HOW many times have we complained about clogged and stinky drains in our neighbourhoods?
Chances are most of the time. But how many of us realise that it is likely we are contributing to the problem as well?
Of course, restaurants and food operators play a large part in causing fat, oil and grease to clog drains, because of the quantity they use on a daily basis.
But those of us who cook at home can make a difference.
For starters, let’s look at the way we dispose of the oil used to fry fish. Dumping it down the sink is the norm but that is not the right way.
The layers of fat and oil washed down the sink end up attracting rodents and pests that find their way into homes.
A downpour would then result in backflow of water, which can enter homes, because the accumulated grease has left little space for rainwater to flow out.
Sometimes, it is easier said than done because throwing out used oil has become a habit we have cultivated over the years.
Try telling your mother or grandmother that we should store used oil in a bottle to sell for recycling.
“They will resell it to restaurants and you will be eating food cooked with recycled oil!”, would probably be their retort.
That assumption is not far from the truth. There have been cases where unscrupulous people do it to save cost.
However, all local authorities in Selangor have introduced their own used oil recycling programme.
The oil collected is turned into biodiesel, which is used by companies as fuel.
Sepang Municipal Council, for example, has turned used oil into Aedes Biobased Fuel (ABBF) for a mosquito fogging formula.
All it takes is for us to call them up, enquire about the collection or drop-off points and hand over the used oil.
It is that simple, but requires a little effort on our part.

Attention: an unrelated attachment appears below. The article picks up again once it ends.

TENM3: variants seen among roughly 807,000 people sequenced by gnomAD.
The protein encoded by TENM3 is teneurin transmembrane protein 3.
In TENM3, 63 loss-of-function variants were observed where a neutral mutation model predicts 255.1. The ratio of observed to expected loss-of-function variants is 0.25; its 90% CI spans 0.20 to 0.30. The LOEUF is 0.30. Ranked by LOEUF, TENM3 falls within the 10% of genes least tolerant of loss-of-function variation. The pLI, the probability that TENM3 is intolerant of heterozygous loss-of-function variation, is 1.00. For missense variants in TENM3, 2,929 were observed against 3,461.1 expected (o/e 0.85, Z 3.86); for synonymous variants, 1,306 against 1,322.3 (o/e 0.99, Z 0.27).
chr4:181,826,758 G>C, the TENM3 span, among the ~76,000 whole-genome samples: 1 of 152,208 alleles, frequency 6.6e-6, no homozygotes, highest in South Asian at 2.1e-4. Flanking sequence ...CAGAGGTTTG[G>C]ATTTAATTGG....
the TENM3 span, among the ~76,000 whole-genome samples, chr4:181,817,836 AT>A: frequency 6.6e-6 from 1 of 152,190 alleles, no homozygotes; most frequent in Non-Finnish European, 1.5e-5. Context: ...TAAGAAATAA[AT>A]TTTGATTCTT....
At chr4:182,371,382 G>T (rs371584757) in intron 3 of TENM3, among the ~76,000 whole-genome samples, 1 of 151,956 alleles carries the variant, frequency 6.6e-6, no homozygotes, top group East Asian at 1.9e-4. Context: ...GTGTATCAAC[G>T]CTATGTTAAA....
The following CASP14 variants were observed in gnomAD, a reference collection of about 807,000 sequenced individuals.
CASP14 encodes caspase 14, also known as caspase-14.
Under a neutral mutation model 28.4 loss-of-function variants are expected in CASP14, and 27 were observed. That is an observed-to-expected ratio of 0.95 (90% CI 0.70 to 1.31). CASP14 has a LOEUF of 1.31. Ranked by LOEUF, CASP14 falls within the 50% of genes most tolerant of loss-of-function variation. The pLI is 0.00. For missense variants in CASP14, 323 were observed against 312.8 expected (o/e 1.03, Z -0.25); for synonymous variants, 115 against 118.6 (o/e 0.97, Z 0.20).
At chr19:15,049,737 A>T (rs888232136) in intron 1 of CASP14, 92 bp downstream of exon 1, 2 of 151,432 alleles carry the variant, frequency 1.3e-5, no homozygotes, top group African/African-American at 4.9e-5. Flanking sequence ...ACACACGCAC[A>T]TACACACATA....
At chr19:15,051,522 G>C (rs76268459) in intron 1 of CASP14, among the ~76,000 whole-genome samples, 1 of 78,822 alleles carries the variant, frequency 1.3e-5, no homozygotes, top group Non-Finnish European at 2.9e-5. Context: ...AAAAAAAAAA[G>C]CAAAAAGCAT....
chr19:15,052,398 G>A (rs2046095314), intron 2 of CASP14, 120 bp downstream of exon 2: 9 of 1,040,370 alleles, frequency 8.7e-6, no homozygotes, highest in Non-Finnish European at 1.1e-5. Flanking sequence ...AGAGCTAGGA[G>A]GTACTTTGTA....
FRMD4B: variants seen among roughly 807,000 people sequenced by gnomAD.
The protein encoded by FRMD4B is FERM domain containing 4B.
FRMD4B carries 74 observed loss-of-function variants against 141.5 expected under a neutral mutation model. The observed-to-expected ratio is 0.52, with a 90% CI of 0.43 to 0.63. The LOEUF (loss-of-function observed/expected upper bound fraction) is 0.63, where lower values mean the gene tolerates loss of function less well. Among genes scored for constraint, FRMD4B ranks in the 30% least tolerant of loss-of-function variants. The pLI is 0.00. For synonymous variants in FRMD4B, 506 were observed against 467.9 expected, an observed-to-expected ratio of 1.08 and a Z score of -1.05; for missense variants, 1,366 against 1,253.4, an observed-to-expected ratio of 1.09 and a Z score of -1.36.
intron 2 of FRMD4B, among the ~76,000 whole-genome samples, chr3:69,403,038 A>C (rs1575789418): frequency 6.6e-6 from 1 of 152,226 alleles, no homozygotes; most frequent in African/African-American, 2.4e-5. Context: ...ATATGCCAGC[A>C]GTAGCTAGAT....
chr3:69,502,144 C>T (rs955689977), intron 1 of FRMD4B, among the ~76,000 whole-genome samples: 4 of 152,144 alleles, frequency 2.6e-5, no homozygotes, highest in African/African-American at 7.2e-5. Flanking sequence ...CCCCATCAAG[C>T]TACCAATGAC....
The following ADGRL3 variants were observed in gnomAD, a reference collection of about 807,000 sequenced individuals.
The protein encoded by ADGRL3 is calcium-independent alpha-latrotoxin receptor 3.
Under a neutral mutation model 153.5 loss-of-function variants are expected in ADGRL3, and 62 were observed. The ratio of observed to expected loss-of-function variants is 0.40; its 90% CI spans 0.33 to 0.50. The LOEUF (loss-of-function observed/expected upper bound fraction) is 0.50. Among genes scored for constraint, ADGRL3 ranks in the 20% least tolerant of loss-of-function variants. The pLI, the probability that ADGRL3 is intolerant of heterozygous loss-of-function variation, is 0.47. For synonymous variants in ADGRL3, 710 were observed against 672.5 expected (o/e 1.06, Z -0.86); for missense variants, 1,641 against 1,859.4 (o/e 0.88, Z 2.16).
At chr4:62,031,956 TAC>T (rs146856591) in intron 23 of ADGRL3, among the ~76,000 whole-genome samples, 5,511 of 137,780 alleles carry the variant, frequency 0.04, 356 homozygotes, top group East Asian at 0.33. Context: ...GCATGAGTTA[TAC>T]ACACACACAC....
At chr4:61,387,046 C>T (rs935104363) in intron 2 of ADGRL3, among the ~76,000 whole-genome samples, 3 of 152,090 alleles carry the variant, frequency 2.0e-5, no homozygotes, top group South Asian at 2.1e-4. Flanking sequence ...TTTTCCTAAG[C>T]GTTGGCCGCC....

If this proves to be inconvenient, another option is to get members of your community together and come up with a collection point among yourselves.
It can be at work, your gym, your neighbourhood or even your child’s school.
Each week or month, people can take turns to send the collected used oil to the designated council drop-off locations.
If you have large quantities, you might be able to get the council to come and collect it from the collection point.
To ensure people are calling the right people and collecting oil correctly, councils may need to set up a dedicated page for this purpose.
The authorities need to include ways to collect the oil properly and provide lists of grease trap providers, collection vendors as well as drop-off points.
There has to be options for people to make the transition easier for everyone.
This will go a long way in helping people to adopt this habit.
If Japan can do it and have drains so clean that beautiful Koi fish can live in them, I am sure we Malaysians can do the same.
To quote American motivational speaker Denis Waitley, “There are two primary choices in life: to accept conditions as they exist, or accept the responsibility for changing them.